The FSB claims the CCL makes 88% of small businesses worse off, despite government claims that the tax is ‘fiscally neutral’.
John Holbrow, FSB environmental affairs chairman, said: ‘The climate change levy discriminates against smaller firms and is particularly hitting manufacturers and hoteliers who are already struggling.’
According to a report from the FSB, firms with large workforces and low energy use, such as local authorities and big businesses, would be the winners because they have more staff eligible for an employers’ national insurance discount.
The report also revealed nearly half of businesses do not know whether they pay the levy, and even fewer are aware of its environmental objectives.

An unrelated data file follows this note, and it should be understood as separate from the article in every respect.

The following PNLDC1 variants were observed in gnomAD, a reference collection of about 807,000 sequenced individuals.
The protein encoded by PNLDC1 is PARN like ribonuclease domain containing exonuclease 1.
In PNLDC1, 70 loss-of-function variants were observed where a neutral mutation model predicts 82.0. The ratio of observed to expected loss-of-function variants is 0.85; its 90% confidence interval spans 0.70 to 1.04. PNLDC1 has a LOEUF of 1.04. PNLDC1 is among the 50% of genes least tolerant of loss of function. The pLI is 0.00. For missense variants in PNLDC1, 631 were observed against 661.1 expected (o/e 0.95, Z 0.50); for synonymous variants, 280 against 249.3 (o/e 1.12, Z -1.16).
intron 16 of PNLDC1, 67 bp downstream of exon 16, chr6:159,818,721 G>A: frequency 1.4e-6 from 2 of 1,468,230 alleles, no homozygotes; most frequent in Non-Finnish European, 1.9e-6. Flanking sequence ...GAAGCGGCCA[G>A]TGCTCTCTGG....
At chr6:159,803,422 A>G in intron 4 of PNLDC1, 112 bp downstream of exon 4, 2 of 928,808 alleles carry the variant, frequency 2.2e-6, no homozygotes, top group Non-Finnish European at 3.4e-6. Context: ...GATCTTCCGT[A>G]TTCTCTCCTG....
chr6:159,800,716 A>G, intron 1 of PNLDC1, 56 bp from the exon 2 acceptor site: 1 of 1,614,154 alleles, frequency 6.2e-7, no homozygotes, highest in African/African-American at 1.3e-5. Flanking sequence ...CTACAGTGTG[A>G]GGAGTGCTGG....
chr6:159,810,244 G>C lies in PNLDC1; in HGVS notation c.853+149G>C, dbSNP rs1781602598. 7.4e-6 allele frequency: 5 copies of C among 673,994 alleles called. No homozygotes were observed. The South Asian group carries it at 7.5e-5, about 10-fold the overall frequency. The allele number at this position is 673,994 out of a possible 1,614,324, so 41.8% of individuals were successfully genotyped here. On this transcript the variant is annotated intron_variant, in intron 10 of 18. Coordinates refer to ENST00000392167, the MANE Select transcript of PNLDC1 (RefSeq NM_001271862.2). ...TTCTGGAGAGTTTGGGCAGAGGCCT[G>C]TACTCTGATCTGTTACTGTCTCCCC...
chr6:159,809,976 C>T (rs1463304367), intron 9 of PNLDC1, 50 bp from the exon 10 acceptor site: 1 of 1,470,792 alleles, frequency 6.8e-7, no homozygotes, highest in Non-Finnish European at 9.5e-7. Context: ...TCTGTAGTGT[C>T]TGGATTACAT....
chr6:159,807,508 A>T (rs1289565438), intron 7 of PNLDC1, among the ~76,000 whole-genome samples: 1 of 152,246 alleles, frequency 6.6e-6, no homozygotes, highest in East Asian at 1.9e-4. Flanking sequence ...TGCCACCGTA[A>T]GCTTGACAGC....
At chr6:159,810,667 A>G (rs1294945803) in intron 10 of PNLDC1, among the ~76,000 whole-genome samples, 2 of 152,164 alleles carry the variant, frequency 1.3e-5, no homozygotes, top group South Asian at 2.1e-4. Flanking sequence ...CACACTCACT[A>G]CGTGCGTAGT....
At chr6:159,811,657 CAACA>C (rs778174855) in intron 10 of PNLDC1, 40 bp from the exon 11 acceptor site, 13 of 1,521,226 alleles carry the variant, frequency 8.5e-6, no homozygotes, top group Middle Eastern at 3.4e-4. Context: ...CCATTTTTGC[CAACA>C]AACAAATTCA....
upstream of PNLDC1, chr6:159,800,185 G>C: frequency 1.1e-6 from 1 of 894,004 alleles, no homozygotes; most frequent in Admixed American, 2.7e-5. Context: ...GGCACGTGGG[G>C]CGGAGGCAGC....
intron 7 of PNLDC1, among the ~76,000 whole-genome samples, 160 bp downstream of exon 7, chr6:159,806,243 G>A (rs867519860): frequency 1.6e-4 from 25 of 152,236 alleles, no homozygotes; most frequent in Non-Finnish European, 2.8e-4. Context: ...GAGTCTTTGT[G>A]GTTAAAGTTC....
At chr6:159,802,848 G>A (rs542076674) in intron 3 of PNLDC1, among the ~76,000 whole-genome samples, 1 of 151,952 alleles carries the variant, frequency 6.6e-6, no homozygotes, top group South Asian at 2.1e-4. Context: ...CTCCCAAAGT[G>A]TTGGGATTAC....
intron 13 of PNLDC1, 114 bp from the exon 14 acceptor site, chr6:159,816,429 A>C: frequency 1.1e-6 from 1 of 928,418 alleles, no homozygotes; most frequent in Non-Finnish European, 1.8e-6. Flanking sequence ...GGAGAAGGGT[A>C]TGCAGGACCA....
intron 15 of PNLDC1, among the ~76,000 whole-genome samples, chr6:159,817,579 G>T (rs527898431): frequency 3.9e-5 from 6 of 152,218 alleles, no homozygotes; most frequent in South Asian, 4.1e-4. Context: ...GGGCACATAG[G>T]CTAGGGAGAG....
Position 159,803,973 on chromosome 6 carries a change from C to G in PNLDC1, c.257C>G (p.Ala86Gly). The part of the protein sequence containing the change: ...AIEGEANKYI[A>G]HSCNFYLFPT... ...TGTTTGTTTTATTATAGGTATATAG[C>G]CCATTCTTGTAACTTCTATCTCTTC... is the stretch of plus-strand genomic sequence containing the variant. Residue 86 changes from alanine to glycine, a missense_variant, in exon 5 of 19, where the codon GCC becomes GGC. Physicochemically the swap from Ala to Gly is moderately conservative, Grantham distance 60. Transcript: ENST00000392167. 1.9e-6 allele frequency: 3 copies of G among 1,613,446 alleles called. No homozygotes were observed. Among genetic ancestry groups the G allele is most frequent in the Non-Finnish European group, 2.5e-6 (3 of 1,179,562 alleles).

The levy was introduced in April 2001 and is imposed on taxable energy supplied to almost all non-domestic users – the FSB is lobbying for its abolition.
Report argues that the government must change the way it makes tax and budget decisions
Committee expresses concern about costs to businesses and April 2018 implementation date
Andrew Tyrie airs views on the Finance Bill, 'Making Tax Policy Better' report, and Brexit
Top 25 firm HW Fisher & Co has acquired London firm Rhodes & Rhodes